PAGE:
I have always had an interest in flying airplanes. Not just radio control airplanes but the real thing. While it sounds like fun to fly real planes, the cost and risking my life have kept me from giving it a go! I have found a way to satisfy my interest in a safer and much less expensive way! I have been a flight sim enthusiast since 1980. Growing up, our family had an Apple II computer and we had the SubLogic Flight Simulator 1 (FS1). Can you imagine viewing a 12″ monochromatic screen (black & green) and experiencing flight using a 5 1/4″ floppy disc with a computer that had something like 32K of memory! Over the years, new versions were made available as technology improved. Today’s flight simulator experience offers so much reality that flight training schools and airlines use them to train their pilots.
Recently I have switched over from Microsoft Flight Simulator X to the X-Plane platform. This is a great product and works with both PC & MAC. For years I have enjoyed flying around and experiencing flight by myself in the empty skies BUT, this year I have signed up with a virtual airline and basic flight school. There are many of these virtual airlines that have flight schedules, a fleet of planes and the various levels of service that the user can experience. Take a look at Air Northwest or California Air websites to get an idea of what I am talking about. These Virtual Airlines operate from a number of airport hubs with a fleet of 30 or 40 different aircraft designed in their own corporate brand livery.
As a virtual employee, the pilot is assigned to a “home” base operation (airport hub) and is required to fly a minimum number of flights each month to stay current and satisfy the corporate paper pushers. Starting out as a trainee, the pilot is required to fly and pass a series of training exercises and test to be approved and certified to fly with the airlines. Once training is completed, a number of flight hours must be accomplished flying the “Cargo” division with a limited number of aircraft types ranging from small prop jobs to large airline size cargo jets. The pilot is not allowed to fly passengers or any airline routes other than cargo until they have completed the minimum number of approved hours with the Cargo division.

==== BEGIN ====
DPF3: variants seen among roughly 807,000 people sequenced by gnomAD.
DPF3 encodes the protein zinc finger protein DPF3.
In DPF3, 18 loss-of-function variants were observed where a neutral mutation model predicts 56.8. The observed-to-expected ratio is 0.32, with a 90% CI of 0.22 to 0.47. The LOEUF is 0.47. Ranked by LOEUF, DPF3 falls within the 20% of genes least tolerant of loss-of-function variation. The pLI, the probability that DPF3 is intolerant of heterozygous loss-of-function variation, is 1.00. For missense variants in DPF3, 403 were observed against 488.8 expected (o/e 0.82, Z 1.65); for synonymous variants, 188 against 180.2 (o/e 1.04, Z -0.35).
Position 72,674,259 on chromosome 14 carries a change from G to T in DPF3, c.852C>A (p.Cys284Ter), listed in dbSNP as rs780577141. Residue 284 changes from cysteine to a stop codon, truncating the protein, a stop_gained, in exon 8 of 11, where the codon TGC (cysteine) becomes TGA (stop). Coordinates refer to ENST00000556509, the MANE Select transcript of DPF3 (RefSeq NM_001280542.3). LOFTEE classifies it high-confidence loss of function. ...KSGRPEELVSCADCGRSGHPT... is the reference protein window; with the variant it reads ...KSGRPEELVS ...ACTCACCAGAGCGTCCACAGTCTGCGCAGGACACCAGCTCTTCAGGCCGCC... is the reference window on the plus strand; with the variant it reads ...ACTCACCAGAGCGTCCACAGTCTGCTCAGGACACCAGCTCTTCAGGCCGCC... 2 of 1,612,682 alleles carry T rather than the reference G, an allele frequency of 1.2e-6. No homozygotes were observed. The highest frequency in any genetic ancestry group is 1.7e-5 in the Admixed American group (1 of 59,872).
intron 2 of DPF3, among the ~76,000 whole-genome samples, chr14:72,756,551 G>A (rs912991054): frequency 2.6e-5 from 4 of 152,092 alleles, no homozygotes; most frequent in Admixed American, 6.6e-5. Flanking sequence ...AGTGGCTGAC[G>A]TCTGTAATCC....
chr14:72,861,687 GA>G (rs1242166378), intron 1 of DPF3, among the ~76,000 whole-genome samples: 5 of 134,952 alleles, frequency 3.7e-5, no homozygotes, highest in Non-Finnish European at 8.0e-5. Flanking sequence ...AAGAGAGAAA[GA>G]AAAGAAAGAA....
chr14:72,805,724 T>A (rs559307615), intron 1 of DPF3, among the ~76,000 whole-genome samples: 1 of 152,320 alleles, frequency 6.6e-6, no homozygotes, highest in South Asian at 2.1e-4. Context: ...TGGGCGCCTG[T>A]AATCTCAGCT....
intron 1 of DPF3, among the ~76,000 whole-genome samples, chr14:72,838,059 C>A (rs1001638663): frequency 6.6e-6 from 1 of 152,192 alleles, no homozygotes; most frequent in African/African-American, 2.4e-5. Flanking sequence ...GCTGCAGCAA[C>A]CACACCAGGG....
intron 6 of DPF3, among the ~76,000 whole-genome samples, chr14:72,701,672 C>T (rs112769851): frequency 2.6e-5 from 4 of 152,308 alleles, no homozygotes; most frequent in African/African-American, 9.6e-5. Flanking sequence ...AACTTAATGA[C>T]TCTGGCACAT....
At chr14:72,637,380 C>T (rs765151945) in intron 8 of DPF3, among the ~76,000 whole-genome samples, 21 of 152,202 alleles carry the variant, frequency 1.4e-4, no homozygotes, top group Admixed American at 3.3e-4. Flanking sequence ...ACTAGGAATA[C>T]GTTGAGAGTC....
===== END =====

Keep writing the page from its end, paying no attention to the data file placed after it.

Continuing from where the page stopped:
The adventure goes on and on without end as you can select hundreds of different airports to fly to and from along with a variety of planes. If you get tired of the airline flights, creating your own charter flight schedule is acceptable with many of the airlines. There are even old WW II Planes to fly on missions. If you want to try your hand at Air Traffic Control (ATC) there are virtual simulators and organizations for that too! To learn more about Virtual Airlines (V/A) and flight simulation, checkout the links in this article and enjoy.